There were 833 households out of which 33.9% had children under the age of 18 living with them, 46.3% were married couples living together, 16.6% had a female householder with no husband present, and 32.5% were non-families. 28.2% of all households were made up of individuals and 13.4% had someone living alone who was 65 years of age or older. The average household size was 2.53 and the average family size was 3.07.
In the city the age distribution of the population shows 29.4% under the age of 18, 7.5% from 18 to 24, 26.9% from 25 to 44, 22.7% from 45 to 64, and 13.6% who were 65 years of age or older. The median age was 36 years. For every 100 females there were 86.0 males. For every 100 females age 18 and over, there were 83.5 males.
The median income for a household in the city was $37,212, and the median income for a family was $44,125. Males had a median income of $38,289 versus $25,000 for females. The per capita income for the city was $15,661. About 10.7% of families and 17.3% of the population were below the poverty line, including 20.9% of those under age 18 and 7.5% of those age 65 or over.
There are three schools in Castle Rock: Castle Rock Elementary, Castle Rock Middle School, and Castle Rock High School. The middle school's mascot is the Pirate, while The mascot for both the elementary school and the high school is the Rocket. In front of the high school is a rocket, the original rocket was built to be a military drone. There has since been a new rocket put up painted in the school colors of red and white.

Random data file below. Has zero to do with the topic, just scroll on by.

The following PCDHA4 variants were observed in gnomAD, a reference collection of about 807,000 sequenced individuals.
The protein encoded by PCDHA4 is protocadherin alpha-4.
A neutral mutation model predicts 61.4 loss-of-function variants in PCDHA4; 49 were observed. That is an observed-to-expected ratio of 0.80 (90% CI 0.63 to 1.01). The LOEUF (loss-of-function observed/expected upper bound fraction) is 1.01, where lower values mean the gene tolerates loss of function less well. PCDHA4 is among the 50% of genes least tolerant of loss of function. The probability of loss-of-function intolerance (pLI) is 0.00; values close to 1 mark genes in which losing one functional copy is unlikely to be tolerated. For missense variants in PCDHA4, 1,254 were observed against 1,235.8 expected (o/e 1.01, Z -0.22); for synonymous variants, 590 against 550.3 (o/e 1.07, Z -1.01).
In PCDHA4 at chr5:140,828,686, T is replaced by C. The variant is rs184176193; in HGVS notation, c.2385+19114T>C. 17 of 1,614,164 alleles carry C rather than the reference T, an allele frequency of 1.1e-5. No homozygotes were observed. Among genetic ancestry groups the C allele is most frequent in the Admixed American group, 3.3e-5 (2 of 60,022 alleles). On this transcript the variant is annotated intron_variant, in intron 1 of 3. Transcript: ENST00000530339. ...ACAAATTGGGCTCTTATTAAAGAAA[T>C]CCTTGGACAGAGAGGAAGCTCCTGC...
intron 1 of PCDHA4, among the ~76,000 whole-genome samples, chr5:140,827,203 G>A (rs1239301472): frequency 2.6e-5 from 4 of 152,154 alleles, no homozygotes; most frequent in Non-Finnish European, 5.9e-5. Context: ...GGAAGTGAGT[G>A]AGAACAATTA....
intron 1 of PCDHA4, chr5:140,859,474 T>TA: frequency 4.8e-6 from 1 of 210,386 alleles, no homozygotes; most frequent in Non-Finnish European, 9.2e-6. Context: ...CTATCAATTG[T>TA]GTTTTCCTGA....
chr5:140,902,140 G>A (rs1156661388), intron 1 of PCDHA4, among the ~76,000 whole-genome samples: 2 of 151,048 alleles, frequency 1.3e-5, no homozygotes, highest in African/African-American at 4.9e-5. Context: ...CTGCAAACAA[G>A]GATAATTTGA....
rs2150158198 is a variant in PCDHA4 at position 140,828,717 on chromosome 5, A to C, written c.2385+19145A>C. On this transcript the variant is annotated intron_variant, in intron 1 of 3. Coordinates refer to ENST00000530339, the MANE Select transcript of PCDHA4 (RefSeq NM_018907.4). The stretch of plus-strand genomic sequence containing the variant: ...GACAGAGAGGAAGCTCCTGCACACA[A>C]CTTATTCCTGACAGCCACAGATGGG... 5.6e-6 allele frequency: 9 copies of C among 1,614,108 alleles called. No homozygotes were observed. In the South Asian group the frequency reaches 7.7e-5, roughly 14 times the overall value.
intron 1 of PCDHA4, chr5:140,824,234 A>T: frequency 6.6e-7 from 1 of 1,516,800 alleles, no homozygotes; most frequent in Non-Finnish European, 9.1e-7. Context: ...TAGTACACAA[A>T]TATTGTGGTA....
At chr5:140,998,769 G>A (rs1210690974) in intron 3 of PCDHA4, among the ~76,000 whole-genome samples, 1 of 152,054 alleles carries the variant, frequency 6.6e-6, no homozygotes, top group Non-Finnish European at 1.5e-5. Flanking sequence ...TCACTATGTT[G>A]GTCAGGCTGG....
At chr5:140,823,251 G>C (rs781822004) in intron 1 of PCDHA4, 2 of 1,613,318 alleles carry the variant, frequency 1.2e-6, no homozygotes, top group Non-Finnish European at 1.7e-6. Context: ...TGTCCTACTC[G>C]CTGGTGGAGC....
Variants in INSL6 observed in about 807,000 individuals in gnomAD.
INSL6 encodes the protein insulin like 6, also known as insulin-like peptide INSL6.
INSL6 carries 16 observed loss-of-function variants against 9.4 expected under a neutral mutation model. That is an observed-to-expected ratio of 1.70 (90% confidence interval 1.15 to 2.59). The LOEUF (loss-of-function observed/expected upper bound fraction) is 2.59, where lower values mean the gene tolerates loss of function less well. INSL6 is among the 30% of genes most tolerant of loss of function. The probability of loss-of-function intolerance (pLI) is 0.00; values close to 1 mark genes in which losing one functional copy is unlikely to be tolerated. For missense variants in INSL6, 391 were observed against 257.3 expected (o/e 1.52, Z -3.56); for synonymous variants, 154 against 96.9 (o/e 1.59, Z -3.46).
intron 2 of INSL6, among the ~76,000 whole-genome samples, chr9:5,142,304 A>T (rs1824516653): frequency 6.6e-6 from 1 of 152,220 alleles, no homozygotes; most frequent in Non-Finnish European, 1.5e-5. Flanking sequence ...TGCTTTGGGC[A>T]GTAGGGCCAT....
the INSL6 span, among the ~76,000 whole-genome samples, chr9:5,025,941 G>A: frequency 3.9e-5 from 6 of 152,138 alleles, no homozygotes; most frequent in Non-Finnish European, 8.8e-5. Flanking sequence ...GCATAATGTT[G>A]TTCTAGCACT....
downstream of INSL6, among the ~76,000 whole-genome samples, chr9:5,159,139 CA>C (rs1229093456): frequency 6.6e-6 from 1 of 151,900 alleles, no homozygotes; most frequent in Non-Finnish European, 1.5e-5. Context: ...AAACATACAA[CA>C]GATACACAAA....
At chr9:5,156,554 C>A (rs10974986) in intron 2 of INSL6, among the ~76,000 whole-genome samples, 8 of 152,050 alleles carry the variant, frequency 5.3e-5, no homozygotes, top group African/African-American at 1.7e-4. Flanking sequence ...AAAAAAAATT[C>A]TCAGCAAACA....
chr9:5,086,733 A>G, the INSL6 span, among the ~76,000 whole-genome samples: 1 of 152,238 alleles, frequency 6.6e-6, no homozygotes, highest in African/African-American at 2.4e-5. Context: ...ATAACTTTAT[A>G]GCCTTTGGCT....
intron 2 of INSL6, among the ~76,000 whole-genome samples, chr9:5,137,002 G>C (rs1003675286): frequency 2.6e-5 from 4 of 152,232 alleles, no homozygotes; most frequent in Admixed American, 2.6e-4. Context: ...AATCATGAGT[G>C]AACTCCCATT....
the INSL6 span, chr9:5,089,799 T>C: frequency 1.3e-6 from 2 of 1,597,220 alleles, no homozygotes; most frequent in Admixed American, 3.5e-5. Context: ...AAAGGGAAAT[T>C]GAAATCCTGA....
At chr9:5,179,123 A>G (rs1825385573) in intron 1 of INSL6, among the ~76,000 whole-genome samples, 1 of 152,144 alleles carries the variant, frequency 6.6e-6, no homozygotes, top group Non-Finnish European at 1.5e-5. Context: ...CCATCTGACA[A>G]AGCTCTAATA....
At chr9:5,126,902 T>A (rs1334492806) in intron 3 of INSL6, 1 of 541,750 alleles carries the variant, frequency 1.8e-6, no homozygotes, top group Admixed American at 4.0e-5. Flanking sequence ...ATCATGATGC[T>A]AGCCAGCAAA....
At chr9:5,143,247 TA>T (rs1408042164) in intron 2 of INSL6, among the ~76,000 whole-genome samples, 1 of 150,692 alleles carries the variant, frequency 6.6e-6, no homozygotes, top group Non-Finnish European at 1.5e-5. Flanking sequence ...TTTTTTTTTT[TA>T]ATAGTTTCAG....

- "2013 U.S. Gazetteer Files". census.gov. Retrieved May 29, 2014.
- 2010 Census Urban Area List. United States Census Bureau. Retrieved May 7, 2013
- "Annual Estimates of the Resident Population for Incorporated Places: April 1, 2010 to July 1, 2013". census.gov. May 2014. Retrieved May 29, 2014.
- "US Board on Geographic Names". United States Geological Survey. 2007-10-25. Retrieved 2008-01-31.
- "Cowlitz On The Move - Castle Rock". . Healthy Lifestyles Coalition. 2010. Retrieved 2011-04-02.
- Washington - A Guide to the Evergreen State, WPA American Guide Series, Washington State Historical Society, 1941.
- "US Gazetteer files: 2010, 2000, and 1990". United States Census Bureau. 2011-02-12. Retrieved 2011-04-23.
- "US Gazetteer files 2010". United States Census Bureau. Retrieved 2012-12-19.
- "CAP Rural Public Transit". Lower Columbia CAP. 2009-10-05. Retrieved 2011-04-02.
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- United States Census Bureau. "Census of Population and Housing". Retrieved September 19, 2013.